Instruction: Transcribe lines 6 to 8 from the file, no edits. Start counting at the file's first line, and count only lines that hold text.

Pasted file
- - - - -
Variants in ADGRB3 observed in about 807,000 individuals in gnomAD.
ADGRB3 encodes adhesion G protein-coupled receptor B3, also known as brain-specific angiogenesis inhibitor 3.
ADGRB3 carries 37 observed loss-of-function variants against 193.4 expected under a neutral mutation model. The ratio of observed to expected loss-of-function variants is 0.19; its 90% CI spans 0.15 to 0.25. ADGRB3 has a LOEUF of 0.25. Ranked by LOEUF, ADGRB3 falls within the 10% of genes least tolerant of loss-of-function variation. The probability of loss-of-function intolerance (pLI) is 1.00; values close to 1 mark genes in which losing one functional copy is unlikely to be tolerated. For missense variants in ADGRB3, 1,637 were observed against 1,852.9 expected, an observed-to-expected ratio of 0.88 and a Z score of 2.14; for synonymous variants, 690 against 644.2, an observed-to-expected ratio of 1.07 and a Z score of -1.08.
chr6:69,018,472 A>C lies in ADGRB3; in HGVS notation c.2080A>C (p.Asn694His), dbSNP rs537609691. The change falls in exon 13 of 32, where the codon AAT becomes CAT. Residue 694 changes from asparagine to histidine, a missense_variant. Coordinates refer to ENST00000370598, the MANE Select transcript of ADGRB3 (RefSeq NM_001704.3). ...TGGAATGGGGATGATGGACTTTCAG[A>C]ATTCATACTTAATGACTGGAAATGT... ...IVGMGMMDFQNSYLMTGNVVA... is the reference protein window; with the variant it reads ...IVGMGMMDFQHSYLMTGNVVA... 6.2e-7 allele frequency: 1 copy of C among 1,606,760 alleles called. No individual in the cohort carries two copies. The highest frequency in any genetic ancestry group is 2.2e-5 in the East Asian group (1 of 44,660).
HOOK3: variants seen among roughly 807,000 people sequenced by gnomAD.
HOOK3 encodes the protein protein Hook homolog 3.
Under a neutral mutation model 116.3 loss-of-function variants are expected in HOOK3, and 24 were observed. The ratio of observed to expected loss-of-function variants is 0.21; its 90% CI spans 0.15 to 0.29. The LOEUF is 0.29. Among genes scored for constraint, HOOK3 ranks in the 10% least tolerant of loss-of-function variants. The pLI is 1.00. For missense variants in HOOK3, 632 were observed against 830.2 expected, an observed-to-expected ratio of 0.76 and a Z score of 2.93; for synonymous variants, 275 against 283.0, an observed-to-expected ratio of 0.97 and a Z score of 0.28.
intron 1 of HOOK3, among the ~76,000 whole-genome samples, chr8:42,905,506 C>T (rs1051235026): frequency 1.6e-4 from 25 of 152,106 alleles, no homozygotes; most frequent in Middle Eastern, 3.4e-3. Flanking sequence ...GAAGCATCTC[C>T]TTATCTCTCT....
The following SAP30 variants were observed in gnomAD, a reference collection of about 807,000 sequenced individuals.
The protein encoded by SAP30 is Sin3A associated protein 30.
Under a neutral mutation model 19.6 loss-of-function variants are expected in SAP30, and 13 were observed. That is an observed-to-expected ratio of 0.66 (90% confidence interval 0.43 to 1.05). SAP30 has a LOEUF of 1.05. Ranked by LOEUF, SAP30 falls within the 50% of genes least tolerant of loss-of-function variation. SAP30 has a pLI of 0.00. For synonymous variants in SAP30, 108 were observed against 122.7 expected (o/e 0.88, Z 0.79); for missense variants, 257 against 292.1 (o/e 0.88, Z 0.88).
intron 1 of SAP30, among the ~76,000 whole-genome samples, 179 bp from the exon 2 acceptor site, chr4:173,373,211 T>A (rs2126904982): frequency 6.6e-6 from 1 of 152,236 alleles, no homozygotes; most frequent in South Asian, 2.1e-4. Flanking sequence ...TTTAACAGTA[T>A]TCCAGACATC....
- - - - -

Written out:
HOOK3 encodes the protein protein Hook homolog 3.
Under a neutral mutation model 116.3 loss-of-function variants are expected in HOOK3, and 24 were observed. The ratio of observed to expected loss-of-function variants is 0.21; its 90% CI spans 0.15 to 0.29. The LOEUF is 0.29. Among genes scored for constraint, HOOK3 ranks in the 10% least tolerant of loss-of-function variants. The pLI is 1.00. For missense variants in HOOK3, 632 were observed against 830.2 expected, an observed-to-expected ratio of 0.76 and a Z score of 2.93; for synonymous variants, 275 against 283.0, an observed-to-expected ratio of 0.97 and a Z score of 0.28.
intron 1 of HOOK3, among the ~76,000 whole-genome samples, chr8:42,905,506 C>T (rs1051235026): frequency 1.6e-4 from 25 of 152,106 alleles, no homozygotes; most frequent in Middle Eastern, 3.4e-3. Flanking sequence ...GAAGCATCTC[C>T]TTATCTCTCT....